It was a wonderful meal in every way. Delicious food—including the curry, steamed rice, two colourful salads and parathas—perfect company, lots of laughter and the sharing of many memories.
As it turned out it was the 21st anniversary of the day Déwi served as postmistress in the small Japanese village she was living in at the time.

We’ve promised to get together again soon.

Beef and potato curry

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Sardine pâté

sardines and olivesQuick, thrifty cooking, 312pp.
Reader’s Digest Kitchens
Reader’s Digest (Australia), Surry Hills, 1985
Cooking on page 32

Most of us are familiar with the magazines and condensed books published by Reader’s Digest, but did you know they do cookbooks too? I’ve already cooked a page-32 recipe—brussels sprouts and chestnuts—from one of their books, which just happens to be one of the first cookbooks I ever bought.

I bought today’s book several years ago for $1 at a local op (charity) shop but this is the first time I’ve cooked from it. It has almost 500 recipes covering almost all the ingredients you can think of. There’s even a chapter on cooking for one.

Each recipe is comprehensive with easy instructions, time to make, number of serves and kilojoule/calorie count.

Page 32 takes 30 minutes (15 minutes of that to chill) and has ingredients I love.

Sardine pate

Sardine pâté

1 can (125g) sardines, drained
60g butter or margarine, softened
2 tablespoons lemon juice
1/2 cup finely chopped stuffed olives
2 teaspoons prepared horseradish
1 clove garlic, peeled and crushed
1/2 teaspoon French mustard
1/2 teaspoon paprika
pinch black pepper
1/2 teaspoon Worcestershire sauce
pinch cayenne pepper
2 tablespoons finely chopped walnuts (optional)

ingredients for sardine pate pate mixtureMethod
In a mixing bowl, mash the sardines with a fork, then blend in the butter to make a smooth paste. Add the lemon juices, olives, horseradish, garlic, mustard, paprika, black pepper, Worcestershire sauce and cayenne pepper and the walnuts if used. Blend well and taste the mixture for seasoning.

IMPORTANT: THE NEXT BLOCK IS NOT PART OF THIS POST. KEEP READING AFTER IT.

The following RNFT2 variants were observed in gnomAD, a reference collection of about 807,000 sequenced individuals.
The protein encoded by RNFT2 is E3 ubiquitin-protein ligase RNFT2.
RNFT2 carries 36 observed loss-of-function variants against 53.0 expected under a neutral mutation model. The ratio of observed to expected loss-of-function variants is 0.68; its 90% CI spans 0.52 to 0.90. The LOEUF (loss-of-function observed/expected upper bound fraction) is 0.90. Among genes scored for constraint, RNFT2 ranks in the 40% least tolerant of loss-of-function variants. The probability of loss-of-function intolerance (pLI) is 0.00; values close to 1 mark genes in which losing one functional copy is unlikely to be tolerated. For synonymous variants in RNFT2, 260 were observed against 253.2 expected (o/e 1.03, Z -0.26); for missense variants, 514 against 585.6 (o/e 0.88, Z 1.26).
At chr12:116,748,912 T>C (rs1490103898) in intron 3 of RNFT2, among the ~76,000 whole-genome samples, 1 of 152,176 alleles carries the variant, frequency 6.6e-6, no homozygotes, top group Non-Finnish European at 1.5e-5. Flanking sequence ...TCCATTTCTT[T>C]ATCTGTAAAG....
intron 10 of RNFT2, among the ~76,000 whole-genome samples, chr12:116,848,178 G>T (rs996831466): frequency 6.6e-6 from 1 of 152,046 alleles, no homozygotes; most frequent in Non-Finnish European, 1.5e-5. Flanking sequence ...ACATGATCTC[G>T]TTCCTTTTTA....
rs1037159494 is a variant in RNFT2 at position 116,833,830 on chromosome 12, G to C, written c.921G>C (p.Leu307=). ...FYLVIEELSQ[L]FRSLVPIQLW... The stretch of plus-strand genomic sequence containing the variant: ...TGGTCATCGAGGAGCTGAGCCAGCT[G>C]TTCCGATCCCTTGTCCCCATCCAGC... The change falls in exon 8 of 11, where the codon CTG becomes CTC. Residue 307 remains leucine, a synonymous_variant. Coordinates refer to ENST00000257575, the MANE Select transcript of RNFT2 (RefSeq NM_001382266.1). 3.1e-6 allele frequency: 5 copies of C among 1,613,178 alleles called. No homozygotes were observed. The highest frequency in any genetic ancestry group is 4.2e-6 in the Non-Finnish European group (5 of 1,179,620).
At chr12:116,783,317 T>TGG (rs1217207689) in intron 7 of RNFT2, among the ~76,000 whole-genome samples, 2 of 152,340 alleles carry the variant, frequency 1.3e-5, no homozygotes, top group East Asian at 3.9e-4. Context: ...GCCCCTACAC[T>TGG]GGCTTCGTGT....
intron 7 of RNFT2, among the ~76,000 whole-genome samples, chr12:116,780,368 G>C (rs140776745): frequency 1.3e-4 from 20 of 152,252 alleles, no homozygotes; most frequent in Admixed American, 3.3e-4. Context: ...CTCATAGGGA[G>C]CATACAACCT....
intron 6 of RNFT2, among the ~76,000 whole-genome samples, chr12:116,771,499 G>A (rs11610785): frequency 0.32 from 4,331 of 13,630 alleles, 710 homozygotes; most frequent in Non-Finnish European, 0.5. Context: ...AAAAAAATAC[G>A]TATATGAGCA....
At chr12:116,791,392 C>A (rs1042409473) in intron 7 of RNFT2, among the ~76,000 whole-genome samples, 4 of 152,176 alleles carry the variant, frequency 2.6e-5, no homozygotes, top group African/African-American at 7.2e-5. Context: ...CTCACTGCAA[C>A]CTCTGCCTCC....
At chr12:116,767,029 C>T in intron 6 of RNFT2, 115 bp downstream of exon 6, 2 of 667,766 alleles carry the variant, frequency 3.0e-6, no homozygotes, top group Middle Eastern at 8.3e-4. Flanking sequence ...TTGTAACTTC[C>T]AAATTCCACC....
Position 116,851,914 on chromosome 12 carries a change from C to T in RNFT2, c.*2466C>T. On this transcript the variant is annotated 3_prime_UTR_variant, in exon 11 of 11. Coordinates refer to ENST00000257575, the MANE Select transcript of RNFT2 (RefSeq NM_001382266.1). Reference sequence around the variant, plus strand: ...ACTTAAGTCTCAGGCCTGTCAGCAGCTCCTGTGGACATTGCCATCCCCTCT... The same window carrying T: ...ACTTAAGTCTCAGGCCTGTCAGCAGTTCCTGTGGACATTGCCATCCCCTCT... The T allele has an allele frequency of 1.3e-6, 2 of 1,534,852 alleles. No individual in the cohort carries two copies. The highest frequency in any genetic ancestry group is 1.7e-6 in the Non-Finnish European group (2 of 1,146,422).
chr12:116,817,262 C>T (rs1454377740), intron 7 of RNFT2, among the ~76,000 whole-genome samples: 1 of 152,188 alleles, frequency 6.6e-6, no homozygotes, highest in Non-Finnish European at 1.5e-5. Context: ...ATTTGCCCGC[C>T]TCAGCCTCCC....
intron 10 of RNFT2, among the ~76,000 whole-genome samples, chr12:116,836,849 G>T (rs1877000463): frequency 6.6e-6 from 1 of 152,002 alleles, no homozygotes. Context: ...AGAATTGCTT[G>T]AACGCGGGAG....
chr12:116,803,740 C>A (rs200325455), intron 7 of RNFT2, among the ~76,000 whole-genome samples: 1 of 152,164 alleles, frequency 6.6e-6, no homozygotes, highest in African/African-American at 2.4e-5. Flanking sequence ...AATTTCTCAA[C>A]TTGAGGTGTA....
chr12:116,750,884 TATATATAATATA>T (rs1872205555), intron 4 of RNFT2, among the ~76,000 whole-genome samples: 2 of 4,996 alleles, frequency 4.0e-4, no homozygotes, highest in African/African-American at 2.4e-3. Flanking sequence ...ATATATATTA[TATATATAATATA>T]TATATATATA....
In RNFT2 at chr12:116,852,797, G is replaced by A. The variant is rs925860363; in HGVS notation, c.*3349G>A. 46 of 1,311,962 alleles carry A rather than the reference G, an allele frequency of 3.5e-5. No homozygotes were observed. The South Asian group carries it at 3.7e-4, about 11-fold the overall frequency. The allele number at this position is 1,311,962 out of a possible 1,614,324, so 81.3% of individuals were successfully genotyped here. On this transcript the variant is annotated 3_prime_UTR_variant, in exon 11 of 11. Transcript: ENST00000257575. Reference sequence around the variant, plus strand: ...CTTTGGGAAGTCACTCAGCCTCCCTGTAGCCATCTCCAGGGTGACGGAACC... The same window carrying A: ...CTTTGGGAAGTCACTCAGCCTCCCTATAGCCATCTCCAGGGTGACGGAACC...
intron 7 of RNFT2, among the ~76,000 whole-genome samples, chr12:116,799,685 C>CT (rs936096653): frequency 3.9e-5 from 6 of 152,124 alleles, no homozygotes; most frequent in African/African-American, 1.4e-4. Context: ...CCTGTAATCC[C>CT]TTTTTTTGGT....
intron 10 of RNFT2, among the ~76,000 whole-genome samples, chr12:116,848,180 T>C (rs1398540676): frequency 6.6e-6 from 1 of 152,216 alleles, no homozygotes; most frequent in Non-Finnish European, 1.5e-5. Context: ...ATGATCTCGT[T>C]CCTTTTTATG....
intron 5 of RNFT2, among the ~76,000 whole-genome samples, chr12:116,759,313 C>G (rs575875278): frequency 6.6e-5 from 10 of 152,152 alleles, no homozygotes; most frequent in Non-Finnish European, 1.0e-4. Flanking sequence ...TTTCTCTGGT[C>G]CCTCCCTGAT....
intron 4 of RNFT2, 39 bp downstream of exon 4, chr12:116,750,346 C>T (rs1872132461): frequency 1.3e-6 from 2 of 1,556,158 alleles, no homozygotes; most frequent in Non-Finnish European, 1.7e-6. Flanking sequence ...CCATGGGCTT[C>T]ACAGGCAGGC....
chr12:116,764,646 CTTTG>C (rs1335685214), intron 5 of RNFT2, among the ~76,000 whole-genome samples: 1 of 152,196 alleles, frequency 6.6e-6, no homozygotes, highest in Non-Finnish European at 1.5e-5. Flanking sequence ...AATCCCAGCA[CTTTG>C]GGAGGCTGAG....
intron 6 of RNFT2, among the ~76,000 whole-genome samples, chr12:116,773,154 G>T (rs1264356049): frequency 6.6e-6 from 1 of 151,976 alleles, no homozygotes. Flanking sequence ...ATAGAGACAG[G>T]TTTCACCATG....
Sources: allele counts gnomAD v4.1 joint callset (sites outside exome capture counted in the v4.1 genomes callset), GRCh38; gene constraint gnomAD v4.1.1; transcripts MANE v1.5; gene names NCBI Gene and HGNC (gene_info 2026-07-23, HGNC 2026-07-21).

Chill for 15 minutes. Serve as a spread for savoury biscuits or toast, or use as a stuffing for celery.

Tips: You can make this spread ahead and refrigerate it for 1 or 2 days. Try this with a 100g can of tuna instead of the sardines. 

How it played out
I made this mostly as written, using a 115g tin of sardines, butter and largish green olives because I didn’t have any stuffed ones. Sadly, my olive pitter wasn’t up to the task, so I had to use a knife. Took a little longer, but still did the job. We’re nut lovers so of course I added the walnuts. Oh, and the finished recipe didn’t need salt. 

Quick, thrifty cooking by Reader's Digest

A real winner and so easy to make. I shared some with my friend, Maggie. A few hours later she called to say another friend, Louise, had stopped by and loved it so much she had to have the recipe ASAP. So here it is.

P.S. I’ve been thumbing through this book and it really is loaded with tempting recipes.

If you have a moment, Id love it if you would check out my travel blog.

P.S. My friend, Sy, in New York has already made this recipe (using celery) and has kindly shared his photo with me. You can see his comment below.

Sardine pate